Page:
Roof top grease and oil deposits can cause expensive but avoidable damage to roof systems. Many roofing systems break down and deteriorate when exposed to grease. As grease accumulates on a built up roof for example, it dissolves the asphalt reducing it to a slippery gelatin like consistency and reduces the waterproofing integrity of the membrane. The result is a potential localized roof failure including wet insulation and possible roof deck damage in the extreme cases.
Grease has a similar effect on modified bitumen causing it to swell, wrinkle and blister to the point that it loses its original properties and characteristics. EPDM, PVC, Hypalon and most other single ply systems are also sensitive to grease resulting in swelling of the membrane and deterioration of seam adhesives and sealants. Simply put, grease destroys roof systems. Some roofing membranes are better than others at resisting grease, but all roofing systems are affected by the hazards of roof top grease in one way or another. The area of roof affected by grease needs to be constantly repaired or replaced. Naturally, such costs are NOT covered by any roof warranties and they become very expensive.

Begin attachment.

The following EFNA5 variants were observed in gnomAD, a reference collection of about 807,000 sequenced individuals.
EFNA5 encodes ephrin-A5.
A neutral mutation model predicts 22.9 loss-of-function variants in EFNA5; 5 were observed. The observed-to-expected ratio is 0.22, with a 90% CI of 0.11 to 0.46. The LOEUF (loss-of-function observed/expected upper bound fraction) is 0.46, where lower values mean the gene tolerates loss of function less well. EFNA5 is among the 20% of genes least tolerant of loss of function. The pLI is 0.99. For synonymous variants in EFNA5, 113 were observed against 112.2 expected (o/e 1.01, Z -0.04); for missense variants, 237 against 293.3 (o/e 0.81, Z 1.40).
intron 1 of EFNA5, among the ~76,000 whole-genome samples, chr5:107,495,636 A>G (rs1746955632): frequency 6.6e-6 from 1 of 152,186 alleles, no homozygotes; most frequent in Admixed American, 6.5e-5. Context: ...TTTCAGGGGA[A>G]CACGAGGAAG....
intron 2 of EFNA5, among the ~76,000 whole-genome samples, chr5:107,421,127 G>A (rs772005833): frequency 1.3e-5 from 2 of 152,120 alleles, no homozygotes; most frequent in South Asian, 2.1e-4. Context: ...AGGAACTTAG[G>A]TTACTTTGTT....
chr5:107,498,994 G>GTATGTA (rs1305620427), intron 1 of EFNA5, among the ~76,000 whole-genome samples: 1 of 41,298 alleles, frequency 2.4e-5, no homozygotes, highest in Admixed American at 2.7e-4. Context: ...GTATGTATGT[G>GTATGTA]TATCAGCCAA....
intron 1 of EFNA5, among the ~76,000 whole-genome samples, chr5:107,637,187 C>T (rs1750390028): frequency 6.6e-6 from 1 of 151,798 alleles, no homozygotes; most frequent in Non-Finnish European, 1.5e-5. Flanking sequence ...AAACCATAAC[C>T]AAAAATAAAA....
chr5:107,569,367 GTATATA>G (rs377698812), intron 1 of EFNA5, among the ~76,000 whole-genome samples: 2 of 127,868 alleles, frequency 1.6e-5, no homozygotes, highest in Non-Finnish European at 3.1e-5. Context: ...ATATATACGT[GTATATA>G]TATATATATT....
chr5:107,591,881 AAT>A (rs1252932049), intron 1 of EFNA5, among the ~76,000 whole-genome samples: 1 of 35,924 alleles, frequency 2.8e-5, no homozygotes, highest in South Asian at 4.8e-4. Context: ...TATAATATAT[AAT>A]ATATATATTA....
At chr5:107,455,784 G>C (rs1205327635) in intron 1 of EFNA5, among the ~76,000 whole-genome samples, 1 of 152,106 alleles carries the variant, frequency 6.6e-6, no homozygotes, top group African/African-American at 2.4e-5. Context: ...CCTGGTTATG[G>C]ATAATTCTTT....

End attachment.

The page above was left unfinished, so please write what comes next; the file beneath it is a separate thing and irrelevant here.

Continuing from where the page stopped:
In addition to destroying roof systems, roof tip grease can pose a hazard to health and safety to the occupants, or be a fire or environmental hazard to the public at large.
- Roof top grease is very slippery. Anyone who walks on a greasy roof is exposed to severe risk of injury or death due to slippage when negotiating a latter or walking near the roof edge.